Sam Mott: 1988-2019In Memoriam | Fri May 08, 2020 | 3:46pm
Sam Mott died in a tragic accident shortly before his 31st birthday. Word spread quickly, and a group of people gathered spontaneously in front of his house in town. They stood in the street as the day turned to night. Many of the people there were neighbors who had lived on the block much longer than Sam. As they talked, they realized that Sam knew every one of them very well, though they did not know each other.
He had spent time with his neighbors, listening to their stories, helping them out when he could. There was a lonely man dying of cancer whom Sam visited regularly to keep him company. There were two nurses he drank rosé wine with on their porch sometimes after they got home from their shifts at the hospital. There was a young boy who grew to love cars because Sam loved cars and he would let the boy play in the ever-changing collection of vehicles parked around his house.
He liked people and had many friends, some very close. Sam was a devoted son to his mother Kappy, and to Guy Holmes, who helped raise him.
Because she was fascinated with the Arctic, Sam took his mother on a trip to Greenland, where they saw things that few people will ever see. They walked on the ice sheet and flew over turquoise-blue rivers racing to the sea. They took a boat to icebergs and crawled out on one together. They saw muskox, sled dogs, and played soccer with young Greenland children. They landed at a bay north of the Arctic circle and swam out to a rock in the middle of it, a rock that maybe no one had stood on before and maybe never will again. Sam filled water bottles from a river on the icesheet, happy to be drinking water from just-melted ice emerged after being buried millions of years ago, actually “bottled at the source” he remarked.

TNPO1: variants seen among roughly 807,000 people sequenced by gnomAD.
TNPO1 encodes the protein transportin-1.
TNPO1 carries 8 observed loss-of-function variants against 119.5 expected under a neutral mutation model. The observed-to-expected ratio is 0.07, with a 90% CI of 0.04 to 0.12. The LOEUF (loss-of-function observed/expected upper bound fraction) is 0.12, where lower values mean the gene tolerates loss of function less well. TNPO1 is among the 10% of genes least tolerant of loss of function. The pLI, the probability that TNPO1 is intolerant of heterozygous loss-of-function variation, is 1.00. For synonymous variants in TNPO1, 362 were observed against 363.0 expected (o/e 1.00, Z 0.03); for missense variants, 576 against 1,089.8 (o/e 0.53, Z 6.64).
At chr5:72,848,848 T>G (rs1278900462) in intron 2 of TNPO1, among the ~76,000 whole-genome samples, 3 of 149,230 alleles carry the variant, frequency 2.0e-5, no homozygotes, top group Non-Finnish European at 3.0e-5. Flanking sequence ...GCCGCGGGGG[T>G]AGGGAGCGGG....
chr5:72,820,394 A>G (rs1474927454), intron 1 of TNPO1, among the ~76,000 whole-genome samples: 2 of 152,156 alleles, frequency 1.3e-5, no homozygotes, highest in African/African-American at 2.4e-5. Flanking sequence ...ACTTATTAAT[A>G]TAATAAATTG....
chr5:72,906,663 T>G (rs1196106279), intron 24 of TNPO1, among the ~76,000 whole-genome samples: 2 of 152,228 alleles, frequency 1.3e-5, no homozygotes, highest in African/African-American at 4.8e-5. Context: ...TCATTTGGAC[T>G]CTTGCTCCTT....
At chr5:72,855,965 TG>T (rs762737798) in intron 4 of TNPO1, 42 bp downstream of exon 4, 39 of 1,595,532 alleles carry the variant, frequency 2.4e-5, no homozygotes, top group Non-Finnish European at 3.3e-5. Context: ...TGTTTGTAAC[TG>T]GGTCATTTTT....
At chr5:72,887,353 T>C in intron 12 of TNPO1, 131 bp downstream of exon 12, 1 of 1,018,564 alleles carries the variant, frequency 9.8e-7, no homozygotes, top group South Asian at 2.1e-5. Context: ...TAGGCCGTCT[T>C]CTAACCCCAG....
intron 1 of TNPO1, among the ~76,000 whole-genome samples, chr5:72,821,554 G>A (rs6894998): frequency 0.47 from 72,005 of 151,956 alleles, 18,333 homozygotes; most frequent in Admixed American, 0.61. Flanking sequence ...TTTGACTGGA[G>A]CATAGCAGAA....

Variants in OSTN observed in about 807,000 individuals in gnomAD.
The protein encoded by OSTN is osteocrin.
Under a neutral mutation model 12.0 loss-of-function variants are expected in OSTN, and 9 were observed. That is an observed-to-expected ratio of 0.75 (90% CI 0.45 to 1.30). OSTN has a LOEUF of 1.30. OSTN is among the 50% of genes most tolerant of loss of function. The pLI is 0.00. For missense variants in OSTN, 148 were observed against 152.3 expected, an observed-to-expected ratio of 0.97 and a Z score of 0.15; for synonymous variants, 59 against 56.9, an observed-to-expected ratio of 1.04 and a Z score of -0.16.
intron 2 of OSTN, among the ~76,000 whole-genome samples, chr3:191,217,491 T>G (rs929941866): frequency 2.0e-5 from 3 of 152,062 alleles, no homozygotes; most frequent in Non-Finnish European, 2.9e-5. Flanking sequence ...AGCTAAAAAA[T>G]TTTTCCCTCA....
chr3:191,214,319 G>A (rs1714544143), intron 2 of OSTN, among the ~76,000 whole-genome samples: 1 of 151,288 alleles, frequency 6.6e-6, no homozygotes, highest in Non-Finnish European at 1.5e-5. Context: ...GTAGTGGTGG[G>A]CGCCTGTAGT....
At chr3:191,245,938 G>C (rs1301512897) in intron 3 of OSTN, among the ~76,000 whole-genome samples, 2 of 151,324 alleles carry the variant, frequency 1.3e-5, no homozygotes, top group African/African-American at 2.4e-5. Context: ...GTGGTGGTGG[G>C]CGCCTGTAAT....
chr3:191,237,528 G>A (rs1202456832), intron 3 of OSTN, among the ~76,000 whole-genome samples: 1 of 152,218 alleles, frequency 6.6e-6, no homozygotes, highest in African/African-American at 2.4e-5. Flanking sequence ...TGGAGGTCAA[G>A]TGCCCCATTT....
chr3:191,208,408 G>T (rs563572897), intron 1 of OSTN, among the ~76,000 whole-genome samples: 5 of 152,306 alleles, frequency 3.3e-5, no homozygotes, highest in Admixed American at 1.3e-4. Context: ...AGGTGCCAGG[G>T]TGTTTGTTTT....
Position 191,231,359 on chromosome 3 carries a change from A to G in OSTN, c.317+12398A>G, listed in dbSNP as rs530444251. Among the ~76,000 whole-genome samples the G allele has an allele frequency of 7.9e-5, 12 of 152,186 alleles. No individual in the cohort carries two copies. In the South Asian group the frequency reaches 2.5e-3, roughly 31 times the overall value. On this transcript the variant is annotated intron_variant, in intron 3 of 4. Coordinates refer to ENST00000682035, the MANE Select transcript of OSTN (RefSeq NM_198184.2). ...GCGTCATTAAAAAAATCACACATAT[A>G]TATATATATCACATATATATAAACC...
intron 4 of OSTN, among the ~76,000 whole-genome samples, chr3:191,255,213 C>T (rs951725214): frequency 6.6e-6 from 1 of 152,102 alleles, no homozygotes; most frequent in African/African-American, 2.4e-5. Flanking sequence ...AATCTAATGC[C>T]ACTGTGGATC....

I met Sam when he applied to be an art student at UCSB’s College of Creative Studies. I was on the admissions committee and thought his portfolio showed a lot of promise. It did. He made some remarkably individual and sophisticated paintings right from the start. On one side of his family were architects and artists. Sam had that understanding of design and aesthetics that can come from growing up with serious art as part of your daily life.
On the other side, the Mott family is known for philanthropy, and that is another part of Sam’s background, and legacy. The Charles Stewart Mott Foundation was founded in 1926 by Sam’s grandfather. Sam’s father supported political and social causes that placed him on Nixon’s enemies list.
Sam supported nonprofits, but he also gave directly to individuals he knew or met in his community. He believed in helping people in need, but he also enjoyed creative gift giving. He paid for medical care for people who could not afford it. He bought new trucks and cars for low-wage workers on crews that worked on his properties. There are many stories about his generosity. He liked searching for and giving people the best. I heard of a kid who saw a photo of Sam and said, “I know that guy. I was in line at the Apple store to buy a new iPhone when it first came out, and he paid for everyone’s in line.” He liked to give people things that they may not otherwise be able to enjoy. Like a designer handbag for a girlfriend’s mother, an expensive camera for a Hollister Ranch gate guard interested in photography, or trips to NBA finals games for groups of friends. He was fascinated by great athletes and once asked Michael Jordan if he could touch his head; Jordan let him. Sam started a company to design and donate sustainable streetwear to worthy causes. The goal was not to make money, but to give back.
He was handsome and athletic; he had great enthusiasm for life. He was self-confident and did not search out the spotlight, though his personality and acts were luminous, and sometimes larger than life.
Sam had an unusual visual memory. It once helped me rescue some students from a risky situation. I was teaching a landscape painting class. We were camping in a valley with poor dirt roads and no lights. A student called my cell for help. Their car had broken down, and she had hiked to the top of a hill to get reception; her battery died while we were talking. It was getting dark. Sam overheard the conversation and said he could help because he always memorized the tire treads of the of the cars where he was. He was a student, and I did not know him very well then. I thought he was joking, but with a flashlight we followed the tracks of the lost car and found the students before anything bad happened. There are many stories like this about Sam.
When he turned 18, he got a tattoo on his arms that said, “Let us be known by our deeds.” He wanted his family to be proud of what he did.
There is a theory that those who die young often live fast, full lives, as if they have a premonition of their limited time. Sam’s nickname as a kid was Dash; his life was short, but it was a bright light for many people. One of the neighbors standing in front of his house said, “We saw a meteor.”